The island of Guam was the first Allied territory lost to the Japanese onslaught in 1941. On 10 December 5,000 Japanese troops landed on Guam, defended by less than 500 US and Guamanian troops, the outcome was beyond doubt. On 21 July 1944 America returned. In a risky operation, the two US landing forces came ashore seven miles apart and it was a week before the beachheads linked up. Only the battles for Iwo Jima and Okinawa would cost the Americans more men than the landings on Guam and Saipan, which immediately preceded the Guam operation. In this book Gordon Rottman details the bitter 26-day struggle for this key Pacific island duringWorld War II (1939-1945).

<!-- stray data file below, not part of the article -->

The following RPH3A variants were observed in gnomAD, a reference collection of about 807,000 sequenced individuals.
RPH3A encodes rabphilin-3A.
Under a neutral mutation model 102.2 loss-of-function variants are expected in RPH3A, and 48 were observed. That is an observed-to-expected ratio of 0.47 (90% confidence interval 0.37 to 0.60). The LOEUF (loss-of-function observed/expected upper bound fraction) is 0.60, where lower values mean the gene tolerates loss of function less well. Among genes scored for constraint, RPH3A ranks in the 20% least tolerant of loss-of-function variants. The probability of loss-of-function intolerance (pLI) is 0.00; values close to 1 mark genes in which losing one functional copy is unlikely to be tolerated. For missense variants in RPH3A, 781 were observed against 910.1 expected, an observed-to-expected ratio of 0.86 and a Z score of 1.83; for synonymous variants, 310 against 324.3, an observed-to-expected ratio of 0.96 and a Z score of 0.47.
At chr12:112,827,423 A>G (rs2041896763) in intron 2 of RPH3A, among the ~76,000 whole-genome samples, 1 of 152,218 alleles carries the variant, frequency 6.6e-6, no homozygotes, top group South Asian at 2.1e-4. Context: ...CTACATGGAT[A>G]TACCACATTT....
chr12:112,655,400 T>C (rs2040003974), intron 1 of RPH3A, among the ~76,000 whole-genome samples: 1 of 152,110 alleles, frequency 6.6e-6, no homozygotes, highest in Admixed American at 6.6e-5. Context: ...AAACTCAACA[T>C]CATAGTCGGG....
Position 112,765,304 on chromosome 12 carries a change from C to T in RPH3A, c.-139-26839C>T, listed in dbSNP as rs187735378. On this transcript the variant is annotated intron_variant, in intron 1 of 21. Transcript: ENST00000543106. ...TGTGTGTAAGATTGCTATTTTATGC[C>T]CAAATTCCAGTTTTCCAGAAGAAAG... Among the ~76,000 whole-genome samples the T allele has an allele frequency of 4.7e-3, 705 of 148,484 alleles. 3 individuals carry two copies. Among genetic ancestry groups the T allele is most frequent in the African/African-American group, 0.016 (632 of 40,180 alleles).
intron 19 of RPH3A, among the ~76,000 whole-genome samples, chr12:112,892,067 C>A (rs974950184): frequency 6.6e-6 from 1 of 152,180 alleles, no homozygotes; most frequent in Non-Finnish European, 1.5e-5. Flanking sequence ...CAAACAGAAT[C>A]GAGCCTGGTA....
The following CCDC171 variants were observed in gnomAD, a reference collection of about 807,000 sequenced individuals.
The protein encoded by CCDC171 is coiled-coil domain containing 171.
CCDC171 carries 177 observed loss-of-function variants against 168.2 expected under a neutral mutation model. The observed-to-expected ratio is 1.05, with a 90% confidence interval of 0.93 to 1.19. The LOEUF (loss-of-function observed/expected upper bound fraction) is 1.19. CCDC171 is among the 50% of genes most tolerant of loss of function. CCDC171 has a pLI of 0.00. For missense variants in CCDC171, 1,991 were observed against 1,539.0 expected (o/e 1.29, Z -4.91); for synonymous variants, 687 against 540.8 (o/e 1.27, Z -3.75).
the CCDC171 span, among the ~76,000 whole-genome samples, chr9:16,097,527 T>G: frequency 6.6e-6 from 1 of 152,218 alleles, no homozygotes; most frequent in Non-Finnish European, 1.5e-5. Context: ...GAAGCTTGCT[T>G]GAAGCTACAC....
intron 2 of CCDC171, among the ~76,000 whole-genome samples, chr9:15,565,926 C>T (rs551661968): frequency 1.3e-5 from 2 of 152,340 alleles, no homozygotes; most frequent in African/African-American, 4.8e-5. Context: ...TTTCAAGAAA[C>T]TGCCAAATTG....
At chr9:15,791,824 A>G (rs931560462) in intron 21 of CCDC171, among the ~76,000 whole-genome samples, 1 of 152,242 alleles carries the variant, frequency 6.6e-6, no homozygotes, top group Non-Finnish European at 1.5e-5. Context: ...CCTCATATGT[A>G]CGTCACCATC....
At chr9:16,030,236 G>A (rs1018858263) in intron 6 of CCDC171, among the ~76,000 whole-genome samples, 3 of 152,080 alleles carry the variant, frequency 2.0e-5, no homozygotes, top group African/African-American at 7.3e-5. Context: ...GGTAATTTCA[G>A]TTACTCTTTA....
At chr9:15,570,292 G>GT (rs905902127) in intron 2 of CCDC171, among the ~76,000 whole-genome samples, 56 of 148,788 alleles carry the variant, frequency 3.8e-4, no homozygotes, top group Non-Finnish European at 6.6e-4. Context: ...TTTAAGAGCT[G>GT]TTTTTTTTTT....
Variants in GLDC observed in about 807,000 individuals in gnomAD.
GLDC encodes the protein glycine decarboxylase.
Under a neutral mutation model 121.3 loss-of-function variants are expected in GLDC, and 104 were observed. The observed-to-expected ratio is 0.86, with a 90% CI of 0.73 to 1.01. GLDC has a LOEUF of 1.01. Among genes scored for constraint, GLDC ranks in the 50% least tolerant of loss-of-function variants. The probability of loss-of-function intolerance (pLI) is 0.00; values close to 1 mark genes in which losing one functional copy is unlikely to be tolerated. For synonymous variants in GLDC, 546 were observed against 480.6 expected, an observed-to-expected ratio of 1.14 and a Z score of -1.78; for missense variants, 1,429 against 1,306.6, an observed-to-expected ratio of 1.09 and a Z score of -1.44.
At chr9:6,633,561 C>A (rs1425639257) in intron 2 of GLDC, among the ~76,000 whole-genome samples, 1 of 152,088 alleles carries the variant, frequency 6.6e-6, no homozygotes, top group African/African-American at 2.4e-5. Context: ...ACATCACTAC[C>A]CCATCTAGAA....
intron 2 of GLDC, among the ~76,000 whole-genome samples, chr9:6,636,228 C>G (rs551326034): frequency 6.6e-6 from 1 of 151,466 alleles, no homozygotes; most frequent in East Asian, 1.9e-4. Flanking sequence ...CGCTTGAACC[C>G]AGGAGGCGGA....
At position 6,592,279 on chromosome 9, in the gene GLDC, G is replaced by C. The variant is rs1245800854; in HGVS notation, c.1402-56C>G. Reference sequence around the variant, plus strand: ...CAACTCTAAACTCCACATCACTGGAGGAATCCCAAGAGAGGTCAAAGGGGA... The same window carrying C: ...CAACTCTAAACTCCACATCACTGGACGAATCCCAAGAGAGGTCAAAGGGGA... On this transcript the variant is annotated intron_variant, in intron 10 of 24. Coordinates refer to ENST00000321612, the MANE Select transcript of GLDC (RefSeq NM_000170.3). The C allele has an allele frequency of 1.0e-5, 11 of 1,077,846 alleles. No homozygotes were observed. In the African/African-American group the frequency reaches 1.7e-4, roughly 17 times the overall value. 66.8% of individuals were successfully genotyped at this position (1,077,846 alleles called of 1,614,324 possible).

About the Author
GORDON L. ROTTMAN has served 26 years in the U.S. Army in Special Forces, airborne infantry, long-range reconnaissance patrol, and military intelligence assignments in the Regular Army, Army National Guard, and Army Reserve. He began writing military history books in 1984. He is employed by TRW System and Information Technology Group as a special operations forces scenario writer at the Army's Joint Readiness Training Center, Fort Polk, Louisiana.
Dr Robert A. Forczyk has a PhD in International Relations and National Security from the University of Maryland and a strong background in European and Asian military history. He is currently a lieutenant colonel in the US Army Reserves and has served 18 years as an armour officer in the US 2nd and 4th Infantry Divisions and as an intelligence officer in the 29th Infantry Division (Light). The author lives in Laurel, MD.